ARIAD Pharmaceuticals, Inc. (ARIA) today announced the submission of a Marketing Authorization Application (MAA) for its investigational oral anaplastic lymphoma kinase (ALK) inhibitor, brigatinib, to the European Medicines Agency (EMA). ARIAD is seeking marketing approval in the European Union of brigatinib in adult patients with anaplastic lymphoma kinase (ALK+) non-small cell lung cancer (NSCLC) who have been previously treated with crizotinib. The U.S. Food and Drug Administration (FDA) is currently reviewing a New Drug Application for brigatinib filed by ARIAD and has set an action date of April 29, 2017 under the Prescription Drug User Fee Act (PDUFA).
“ARIAD’s submission of the brigatinib MAA to the EMA is one of many recent milestones highlighting our strong investment in internally discovered rare cancer therapies,” said Paris Panayiotopoulos, president and chief executive officer of ARIAD. “Since announcing our definitive agreement to combine with Takeda, we remain focused on our accountability to our patients by propelling brigatinib forward and by preparing for its anticipated U.S. launch.”
“The brigatinib clinical trials have provided patients with refractory ALK+ NSCLC, including those patients who have metastatic brain lesions, with a potential important treatment option,” said Maurice Perol, MD, Léon Bérard Cancer Center, Lyon, France. “Based on the clinical data we’ve seen to date, we are really excited by the prospect that appropriate patients in the EU may have access to brigatinib as a new targeted treatment.”
ARIAD’s MAA submission includes clinical data from its Phase 1/2 and pivotal Phase 2 ALTA trials of brigatinib. Results from the ALTA trial and central nervous system (CNS) activity in the ALTA and Phase 1/2 trials were reported at the International Association for the Study of Lung Cancer (IASLC) 17th World Conference on Lung Cancer (WCLC) in December 2016. In the ALTA trial, 222 patients received either 90 mg of brigatinib once per day (QD) continuously or 180 mg QD, preceded by a lead-in dose of 90 mg QD for seven days. Data from the ALTA trial demonstrated that of 110 patients on the 180-mg regimen QD with a seven-day lead-in at 90 mg QD with a median follow-up of 11.0 months, 55 percent achieved confirmed objective response as assessed by the investigator. In this arm, the median progression-free survival (PFS) was 15.6 months in this post-crizotinib setting, by both investigator and independent review committee (IRC) assessment. Additionally, in this arm, 67 percent (12/18) of patients with measurable brain metastases achieved a confirmed intracranial objective response. The most common treatment-emergent adverse events (TEAEs; ≥ 25% of all patients in this arm, regardless of relationship to treatment), were nausea (43%), fatigue (40%), diarrhea (39%), cough (36%), increased blood creatine phosphokinase (CPK) (33%), headache (30%), rash (28%), and vomiting (26%). The most common serious adverse reactions other than neoplasm progression reported in 2% or more of patients included pneumonia (5.0%), pneumonitis (5.0%) and epilepsy (2.3%). A subset of pulmonary adverse events (AEs) with early onset (median: Day 2; range: Day 1-9) occurred in 6.4 percent of all patients (grade ≥3 in 3% of patients); no such events with early onset occurred after dose escalation to 180 mg QD following the lead-in dose of 90 mg for seven days.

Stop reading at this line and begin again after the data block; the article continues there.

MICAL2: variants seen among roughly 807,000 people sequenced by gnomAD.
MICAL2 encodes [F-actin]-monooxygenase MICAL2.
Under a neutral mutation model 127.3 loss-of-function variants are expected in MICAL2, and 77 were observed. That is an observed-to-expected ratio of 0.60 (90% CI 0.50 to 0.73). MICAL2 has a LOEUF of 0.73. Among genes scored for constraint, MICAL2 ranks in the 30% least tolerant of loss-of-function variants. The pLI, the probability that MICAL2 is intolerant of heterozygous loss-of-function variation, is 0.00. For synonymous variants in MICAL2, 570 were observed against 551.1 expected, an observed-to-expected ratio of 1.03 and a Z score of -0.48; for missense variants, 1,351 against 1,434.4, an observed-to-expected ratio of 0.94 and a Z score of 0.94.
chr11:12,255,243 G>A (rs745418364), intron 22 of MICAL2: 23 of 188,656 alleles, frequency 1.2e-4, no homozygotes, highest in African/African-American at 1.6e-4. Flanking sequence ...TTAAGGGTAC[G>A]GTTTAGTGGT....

Brigatinib is an investigational, targeted cancer medicine discovered internally at ARIAD. It is in development for the treatment of patients with anaplastic lymphoma kinase positive (ALK+) non-small cell lung cancer (NSCLC). The global Phase 2 ALTA trial, in patients with locally advanced or metastatic ALK+ NSCLC who were previously treated with crizotinib, is the primary basis for brigatinib’s initial regulatory review. ARIAD has also initiated the Phase 3 ALTA 1L trial to assess the efficacy and safety of brigatinib in comparison to crizotinib in patients with locally advanced or metastatic ALK+ NSCLC who have not received prior treatment with an ALK inhibitor. More information on brigatinib clinical trials can be found here.